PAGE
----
Belgium, gearing up for its EU Council Presidency in 2024 has unfolded its plans to fast-track the establishment of a robust European blockchain infrastructure.
The primary objective involves ensuring the secure storage of essential documents such as driving licenses and property titles.
Mathieu Michel, Belgium’s Secretary of State for Digitisation, revealed in an interview that the development of a public blockchain for pan-European use stands as one of the nation’s key priorities during its presidency.
This move will align with three additional focal points, addressing artificial intelligence, online anonymity, and fostering digital economy skills.
To achieve this, Michel proposes a revival of the European Blockchain Services Infrastructure (EBSI) project.
Initially launched in 2018 by the European Commission in collaboration with the European Blockchain Partnership, the project encompasses EU member states and partners like Norway and Liechtenstein.
The rebranded initiative, Europeum, envisions utilisation in public administration tasks.
It will verify driver’s licenses and other documents across the EU.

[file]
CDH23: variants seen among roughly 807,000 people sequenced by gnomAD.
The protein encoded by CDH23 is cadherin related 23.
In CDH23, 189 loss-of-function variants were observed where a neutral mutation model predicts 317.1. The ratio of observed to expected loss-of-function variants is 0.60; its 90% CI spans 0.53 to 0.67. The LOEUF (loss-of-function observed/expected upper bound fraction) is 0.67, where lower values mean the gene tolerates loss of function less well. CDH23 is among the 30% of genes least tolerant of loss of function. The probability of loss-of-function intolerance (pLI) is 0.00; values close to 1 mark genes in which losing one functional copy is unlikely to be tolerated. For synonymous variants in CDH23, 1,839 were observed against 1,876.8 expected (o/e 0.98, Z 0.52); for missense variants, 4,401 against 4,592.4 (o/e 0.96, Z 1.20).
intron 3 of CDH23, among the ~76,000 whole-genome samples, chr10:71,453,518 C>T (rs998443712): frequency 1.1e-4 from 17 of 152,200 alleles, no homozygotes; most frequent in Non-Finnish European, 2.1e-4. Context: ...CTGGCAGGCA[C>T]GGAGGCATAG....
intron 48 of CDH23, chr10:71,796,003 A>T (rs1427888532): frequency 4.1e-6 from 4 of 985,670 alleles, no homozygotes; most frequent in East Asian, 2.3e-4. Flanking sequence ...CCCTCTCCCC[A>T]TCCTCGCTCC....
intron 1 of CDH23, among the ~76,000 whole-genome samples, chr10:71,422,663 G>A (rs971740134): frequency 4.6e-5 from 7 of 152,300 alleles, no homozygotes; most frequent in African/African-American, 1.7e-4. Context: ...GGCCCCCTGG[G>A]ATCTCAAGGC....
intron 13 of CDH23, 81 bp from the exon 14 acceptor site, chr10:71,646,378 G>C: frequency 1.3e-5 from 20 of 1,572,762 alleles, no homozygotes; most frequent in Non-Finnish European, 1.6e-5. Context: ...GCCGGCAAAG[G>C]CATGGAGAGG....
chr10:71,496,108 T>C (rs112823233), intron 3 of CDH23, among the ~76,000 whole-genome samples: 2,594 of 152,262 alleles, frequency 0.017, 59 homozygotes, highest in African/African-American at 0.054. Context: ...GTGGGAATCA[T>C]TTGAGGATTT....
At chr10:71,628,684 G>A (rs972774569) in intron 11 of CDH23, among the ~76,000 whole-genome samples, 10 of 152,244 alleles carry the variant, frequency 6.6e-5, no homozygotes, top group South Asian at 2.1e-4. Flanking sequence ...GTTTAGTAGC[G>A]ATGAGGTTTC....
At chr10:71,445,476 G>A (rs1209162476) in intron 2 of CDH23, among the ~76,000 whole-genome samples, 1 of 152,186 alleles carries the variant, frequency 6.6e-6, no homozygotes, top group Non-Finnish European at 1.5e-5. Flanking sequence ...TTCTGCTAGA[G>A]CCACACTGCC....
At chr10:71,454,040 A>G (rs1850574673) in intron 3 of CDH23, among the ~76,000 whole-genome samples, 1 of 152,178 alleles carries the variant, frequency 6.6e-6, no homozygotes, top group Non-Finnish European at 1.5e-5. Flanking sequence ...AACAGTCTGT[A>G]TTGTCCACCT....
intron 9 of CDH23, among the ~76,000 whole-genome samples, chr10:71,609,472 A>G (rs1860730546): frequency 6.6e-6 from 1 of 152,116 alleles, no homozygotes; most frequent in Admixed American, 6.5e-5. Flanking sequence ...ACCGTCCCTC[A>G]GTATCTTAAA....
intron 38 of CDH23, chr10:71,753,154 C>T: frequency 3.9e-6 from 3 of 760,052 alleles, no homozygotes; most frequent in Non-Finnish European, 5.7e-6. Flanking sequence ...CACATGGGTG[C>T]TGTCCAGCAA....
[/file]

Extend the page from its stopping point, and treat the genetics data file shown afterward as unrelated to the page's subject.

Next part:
The EU also recently introduced an EU Digital Identity Wallet, though it is unclear whether these two issues are related.
Michel emphasises the project’s potential contribution to the digital euro infrastructure.
Crucially, Michel advocates for a public blockchain developed by EU member states, emphasising benefits in terms of security, transparency, and privacy.
According to him, leveraging blockchain technology can empower citizens by returning control of their data.
Already, Italy, Croatia, Poland, Portugal, Slovenia, Luxembourg, and Romania have committed to the Europeum plan, with Belgium slated to host the project’s headquarters.
As regulatory frameworks surrounding crypto and blockchain undergo consolidation, November witnessed 47 national governments pledging to swiftly integrate the Crypto-Asset Reporting Framework (CARF) into their domestic legal systems.
Closer to home, Singapore has also pledged to implement this same framework, and has actively participated in its development.
This will help facilitate the automatic exchange of tax relevant information on crypto-assets.
The CARF framework will function as an international standard facilitating the automatic exchange of information between tax authorities.